An understanding of the event loop is not crucial to get started writing JavaScript (in fact, part of the selling point of JavaScript is that the complicated details of the event loop are hidden from the developer) but in order to be good developers, we want to understand what is going on at least one level below where we are working.

Loupe is a tool for visualizing the event loop. Loupe was created by Philip Roberts to accompany an now famous talk he gave at JSConf in 2014 called "What the Heck is the Event Loop Anyway?". This video is worth watching and bookmarking to revisit as your understanding of JS grows.

Why Choose Node/Express?

  • Asynchronous means generally faster performance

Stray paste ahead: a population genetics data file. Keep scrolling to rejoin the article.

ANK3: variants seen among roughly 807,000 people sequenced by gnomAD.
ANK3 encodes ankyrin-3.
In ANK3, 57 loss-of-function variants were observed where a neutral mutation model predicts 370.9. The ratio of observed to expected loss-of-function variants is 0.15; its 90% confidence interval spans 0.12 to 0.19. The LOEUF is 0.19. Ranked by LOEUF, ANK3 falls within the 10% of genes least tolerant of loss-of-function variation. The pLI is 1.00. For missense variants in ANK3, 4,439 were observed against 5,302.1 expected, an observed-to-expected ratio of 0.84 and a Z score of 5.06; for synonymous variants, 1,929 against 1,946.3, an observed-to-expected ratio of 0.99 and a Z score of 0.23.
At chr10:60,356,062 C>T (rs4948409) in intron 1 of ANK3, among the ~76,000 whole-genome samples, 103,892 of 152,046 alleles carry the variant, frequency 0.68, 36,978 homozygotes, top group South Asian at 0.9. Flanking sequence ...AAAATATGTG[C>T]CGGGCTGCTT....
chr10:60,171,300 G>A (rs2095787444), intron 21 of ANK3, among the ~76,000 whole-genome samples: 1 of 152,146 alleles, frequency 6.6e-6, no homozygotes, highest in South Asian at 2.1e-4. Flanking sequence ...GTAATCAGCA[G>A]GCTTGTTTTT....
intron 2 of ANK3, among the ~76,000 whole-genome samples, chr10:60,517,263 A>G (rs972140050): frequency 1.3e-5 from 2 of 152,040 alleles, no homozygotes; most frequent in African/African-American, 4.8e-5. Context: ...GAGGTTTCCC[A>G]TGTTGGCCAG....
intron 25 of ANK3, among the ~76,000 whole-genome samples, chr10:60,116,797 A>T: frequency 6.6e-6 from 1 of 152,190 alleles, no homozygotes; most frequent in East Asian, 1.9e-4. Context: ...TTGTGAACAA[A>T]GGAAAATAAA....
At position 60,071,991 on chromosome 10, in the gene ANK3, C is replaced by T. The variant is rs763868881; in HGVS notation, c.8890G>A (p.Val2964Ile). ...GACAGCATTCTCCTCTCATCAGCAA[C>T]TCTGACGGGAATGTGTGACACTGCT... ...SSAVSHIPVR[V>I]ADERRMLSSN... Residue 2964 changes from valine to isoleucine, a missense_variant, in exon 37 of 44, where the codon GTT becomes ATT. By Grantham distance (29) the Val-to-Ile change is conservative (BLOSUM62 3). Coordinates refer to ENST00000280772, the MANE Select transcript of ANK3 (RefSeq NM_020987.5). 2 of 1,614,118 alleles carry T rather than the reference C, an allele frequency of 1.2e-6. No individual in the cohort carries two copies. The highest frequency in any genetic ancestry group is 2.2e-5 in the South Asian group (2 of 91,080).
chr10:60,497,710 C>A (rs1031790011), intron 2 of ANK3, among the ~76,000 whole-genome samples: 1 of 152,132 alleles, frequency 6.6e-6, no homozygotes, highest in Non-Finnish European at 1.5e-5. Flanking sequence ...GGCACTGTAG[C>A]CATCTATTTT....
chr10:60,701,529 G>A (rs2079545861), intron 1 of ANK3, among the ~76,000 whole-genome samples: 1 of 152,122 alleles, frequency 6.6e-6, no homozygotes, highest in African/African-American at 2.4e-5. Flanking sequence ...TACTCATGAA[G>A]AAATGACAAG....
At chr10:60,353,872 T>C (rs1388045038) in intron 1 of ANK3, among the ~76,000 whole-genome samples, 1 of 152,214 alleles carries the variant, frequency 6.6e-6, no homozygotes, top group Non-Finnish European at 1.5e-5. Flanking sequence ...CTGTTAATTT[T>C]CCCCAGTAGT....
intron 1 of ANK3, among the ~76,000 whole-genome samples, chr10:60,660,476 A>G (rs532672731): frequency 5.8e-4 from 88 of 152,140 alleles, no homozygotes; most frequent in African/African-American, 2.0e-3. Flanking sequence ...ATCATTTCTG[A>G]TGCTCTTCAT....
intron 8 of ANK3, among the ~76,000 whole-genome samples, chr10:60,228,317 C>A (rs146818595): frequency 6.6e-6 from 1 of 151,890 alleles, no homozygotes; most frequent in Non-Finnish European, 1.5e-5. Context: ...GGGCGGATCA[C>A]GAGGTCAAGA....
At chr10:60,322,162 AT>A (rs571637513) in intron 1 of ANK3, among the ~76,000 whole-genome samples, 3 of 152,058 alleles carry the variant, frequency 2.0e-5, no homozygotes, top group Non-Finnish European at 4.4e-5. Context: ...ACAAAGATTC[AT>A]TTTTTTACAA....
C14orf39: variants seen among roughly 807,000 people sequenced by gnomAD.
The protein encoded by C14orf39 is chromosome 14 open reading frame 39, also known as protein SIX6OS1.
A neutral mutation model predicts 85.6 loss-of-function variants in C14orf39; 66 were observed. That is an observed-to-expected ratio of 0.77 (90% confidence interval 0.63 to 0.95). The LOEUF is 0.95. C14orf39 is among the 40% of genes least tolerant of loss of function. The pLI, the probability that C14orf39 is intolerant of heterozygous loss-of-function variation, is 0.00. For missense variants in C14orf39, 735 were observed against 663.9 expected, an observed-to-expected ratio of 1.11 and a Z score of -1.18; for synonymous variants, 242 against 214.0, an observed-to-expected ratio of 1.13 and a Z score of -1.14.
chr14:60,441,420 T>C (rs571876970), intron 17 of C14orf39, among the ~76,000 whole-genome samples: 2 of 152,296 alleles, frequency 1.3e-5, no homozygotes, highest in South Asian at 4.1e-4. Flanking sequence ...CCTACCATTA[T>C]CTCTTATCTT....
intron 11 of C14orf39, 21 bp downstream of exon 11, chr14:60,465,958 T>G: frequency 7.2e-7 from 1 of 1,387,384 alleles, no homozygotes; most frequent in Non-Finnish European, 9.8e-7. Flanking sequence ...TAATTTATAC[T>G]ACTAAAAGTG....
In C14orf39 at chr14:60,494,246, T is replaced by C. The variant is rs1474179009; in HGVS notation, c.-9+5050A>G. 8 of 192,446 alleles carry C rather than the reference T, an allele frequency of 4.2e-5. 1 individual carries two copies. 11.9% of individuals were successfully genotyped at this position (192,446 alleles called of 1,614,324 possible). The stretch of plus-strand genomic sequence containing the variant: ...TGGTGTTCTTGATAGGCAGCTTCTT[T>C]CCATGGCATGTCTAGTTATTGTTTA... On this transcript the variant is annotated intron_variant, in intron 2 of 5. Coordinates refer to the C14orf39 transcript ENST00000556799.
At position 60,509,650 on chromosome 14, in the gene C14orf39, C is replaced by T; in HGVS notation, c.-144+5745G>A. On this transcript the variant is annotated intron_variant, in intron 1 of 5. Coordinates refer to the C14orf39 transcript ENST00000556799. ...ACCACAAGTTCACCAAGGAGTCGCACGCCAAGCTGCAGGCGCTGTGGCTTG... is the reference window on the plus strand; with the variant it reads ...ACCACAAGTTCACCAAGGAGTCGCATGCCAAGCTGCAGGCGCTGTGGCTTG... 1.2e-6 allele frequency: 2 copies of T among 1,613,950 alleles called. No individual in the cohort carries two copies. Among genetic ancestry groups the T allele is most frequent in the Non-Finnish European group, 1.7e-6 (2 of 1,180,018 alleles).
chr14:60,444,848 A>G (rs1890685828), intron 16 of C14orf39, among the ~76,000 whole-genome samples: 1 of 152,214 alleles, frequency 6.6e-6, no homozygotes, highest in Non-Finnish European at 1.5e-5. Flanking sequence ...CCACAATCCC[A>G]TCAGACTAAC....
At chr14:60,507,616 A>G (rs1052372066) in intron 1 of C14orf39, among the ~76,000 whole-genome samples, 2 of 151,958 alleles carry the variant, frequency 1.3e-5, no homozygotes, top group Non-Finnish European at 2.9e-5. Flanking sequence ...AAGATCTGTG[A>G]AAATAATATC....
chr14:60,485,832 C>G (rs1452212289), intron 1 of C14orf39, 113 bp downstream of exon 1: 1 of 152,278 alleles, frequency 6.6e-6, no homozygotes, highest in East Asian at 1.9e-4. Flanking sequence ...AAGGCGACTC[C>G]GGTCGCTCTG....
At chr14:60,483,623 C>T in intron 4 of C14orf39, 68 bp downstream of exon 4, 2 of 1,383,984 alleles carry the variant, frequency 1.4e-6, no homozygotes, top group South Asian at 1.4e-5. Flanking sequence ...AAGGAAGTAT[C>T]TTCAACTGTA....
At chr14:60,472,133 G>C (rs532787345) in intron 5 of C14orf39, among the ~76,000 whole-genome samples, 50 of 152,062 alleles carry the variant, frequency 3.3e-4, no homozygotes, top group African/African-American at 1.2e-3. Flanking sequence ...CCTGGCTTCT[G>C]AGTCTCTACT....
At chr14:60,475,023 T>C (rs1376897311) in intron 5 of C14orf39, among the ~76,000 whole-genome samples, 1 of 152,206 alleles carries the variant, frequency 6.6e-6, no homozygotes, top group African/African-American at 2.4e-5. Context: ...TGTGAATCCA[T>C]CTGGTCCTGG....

• Better concurrency – it can serve data to more users with fewer computer resources
  • Designed to make real time applications (e.g. chat servers)
  • JavaScript is everywhere; one language to rule them all

Installing Node.js

To check if we already have Node installed, type: node -v in terminal. You will see the Node version if it's installed.

If it's not installed:

First, install Node Version Manager, run the following command:

curl -o- https://raw.githubusercontent.com/creationix/nvm/v0.33.1/install.sh | bash

Then we have to restart our terminal. Run the command nvm help to see if it was installed successfully. If it doesn't work, run the command source ~/.nvm/nvm.sh. Check again to see if it works.

To install node run the following command in your terminal" nvm install node.

After it finishes installing run node to test it out.

This will install both Node.js and npm on your machine.

🎉 There are two ways to run JS in node – try them both (Code along):